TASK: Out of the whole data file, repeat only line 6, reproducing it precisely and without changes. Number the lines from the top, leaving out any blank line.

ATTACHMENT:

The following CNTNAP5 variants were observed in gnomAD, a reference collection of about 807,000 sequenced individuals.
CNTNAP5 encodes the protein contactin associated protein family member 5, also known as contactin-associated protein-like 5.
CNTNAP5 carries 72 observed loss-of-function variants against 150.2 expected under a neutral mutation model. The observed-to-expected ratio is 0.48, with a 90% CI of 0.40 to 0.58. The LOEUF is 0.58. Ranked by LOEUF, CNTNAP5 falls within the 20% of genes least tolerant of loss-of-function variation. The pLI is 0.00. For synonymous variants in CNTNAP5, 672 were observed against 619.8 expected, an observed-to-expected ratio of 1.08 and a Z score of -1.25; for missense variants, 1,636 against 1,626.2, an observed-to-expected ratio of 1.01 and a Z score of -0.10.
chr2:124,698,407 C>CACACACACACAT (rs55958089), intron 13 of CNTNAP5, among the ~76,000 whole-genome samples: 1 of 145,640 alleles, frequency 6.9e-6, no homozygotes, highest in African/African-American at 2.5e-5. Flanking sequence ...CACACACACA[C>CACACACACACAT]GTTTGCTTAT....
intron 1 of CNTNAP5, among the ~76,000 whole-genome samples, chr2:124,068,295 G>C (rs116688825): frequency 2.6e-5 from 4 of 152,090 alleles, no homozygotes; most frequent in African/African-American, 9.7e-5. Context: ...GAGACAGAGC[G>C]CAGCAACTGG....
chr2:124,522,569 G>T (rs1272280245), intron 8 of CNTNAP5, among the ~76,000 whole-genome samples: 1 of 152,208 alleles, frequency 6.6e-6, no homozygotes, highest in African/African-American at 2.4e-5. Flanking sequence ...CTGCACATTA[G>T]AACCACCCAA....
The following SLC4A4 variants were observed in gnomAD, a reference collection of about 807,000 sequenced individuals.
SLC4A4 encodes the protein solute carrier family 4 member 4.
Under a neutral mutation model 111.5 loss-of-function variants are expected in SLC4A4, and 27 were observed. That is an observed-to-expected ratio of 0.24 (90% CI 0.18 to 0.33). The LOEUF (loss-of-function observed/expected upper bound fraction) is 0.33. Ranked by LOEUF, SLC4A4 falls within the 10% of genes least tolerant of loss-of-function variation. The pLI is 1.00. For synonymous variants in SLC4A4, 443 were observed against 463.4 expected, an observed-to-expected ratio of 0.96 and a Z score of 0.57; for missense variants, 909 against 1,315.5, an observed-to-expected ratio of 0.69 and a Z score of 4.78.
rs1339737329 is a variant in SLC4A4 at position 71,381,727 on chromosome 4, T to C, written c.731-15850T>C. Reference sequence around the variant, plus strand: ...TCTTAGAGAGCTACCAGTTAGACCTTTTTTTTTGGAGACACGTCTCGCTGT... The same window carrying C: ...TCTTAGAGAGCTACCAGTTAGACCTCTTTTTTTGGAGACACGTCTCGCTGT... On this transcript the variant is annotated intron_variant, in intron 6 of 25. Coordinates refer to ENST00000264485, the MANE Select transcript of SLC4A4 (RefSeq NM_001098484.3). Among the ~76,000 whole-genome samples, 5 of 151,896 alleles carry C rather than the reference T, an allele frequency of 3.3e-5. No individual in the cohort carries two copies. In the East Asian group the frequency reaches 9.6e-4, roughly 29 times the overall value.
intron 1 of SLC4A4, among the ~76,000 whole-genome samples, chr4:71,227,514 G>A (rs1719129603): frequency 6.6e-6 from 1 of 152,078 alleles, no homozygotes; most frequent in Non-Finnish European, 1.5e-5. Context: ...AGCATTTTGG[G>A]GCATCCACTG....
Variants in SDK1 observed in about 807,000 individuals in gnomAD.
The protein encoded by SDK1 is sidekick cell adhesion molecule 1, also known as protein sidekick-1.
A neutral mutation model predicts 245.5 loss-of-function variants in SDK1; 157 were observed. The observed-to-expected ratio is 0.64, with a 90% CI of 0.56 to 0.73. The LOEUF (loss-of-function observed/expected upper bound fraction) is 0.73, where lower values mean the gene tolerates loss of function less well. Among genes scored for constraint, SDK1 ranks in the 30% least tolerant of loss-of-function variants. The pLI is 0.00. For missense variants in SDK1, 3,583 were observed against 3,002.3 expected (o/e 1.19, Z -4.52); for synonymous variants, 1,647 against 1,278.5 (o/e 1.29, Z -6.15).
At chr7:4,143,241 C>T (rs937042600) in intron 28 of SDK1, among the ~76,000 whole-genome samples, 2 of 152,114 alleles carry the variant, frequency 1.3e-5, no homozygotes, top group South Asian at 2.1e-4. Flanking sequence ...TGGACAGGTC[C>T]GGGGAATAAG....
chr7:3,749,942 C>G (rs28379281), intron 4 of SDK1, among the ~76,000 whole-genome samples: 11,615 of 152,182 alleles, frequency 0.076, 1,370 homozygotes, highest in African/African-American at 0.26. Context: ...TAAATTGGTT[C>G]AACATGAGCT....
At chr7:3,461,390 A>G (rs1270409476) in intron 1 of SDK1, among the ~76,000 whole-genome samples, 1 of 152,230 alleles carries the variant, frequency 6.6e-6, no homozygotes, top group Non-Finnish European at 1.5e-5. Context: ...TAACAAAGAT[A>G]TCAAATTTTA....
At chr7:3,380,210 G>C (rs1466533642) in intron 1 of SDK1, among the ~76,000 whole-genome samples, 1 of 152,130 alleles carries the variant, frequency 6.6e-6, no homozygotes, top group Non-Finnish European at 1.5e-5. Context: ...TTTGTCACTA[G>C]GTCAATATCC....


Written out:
chr2:124,522,569 G>T (rs1272280245), intron 8 of CNTNAP5, among the ~76,000 whole-genome samples: 1 of 152,208 alleles, frequency 6.6e-6, no homozygotes, highest in African/African-American at 2.4e-5. Flanking sequence ...CTGCACATTA[G>T]AACCACCCAA....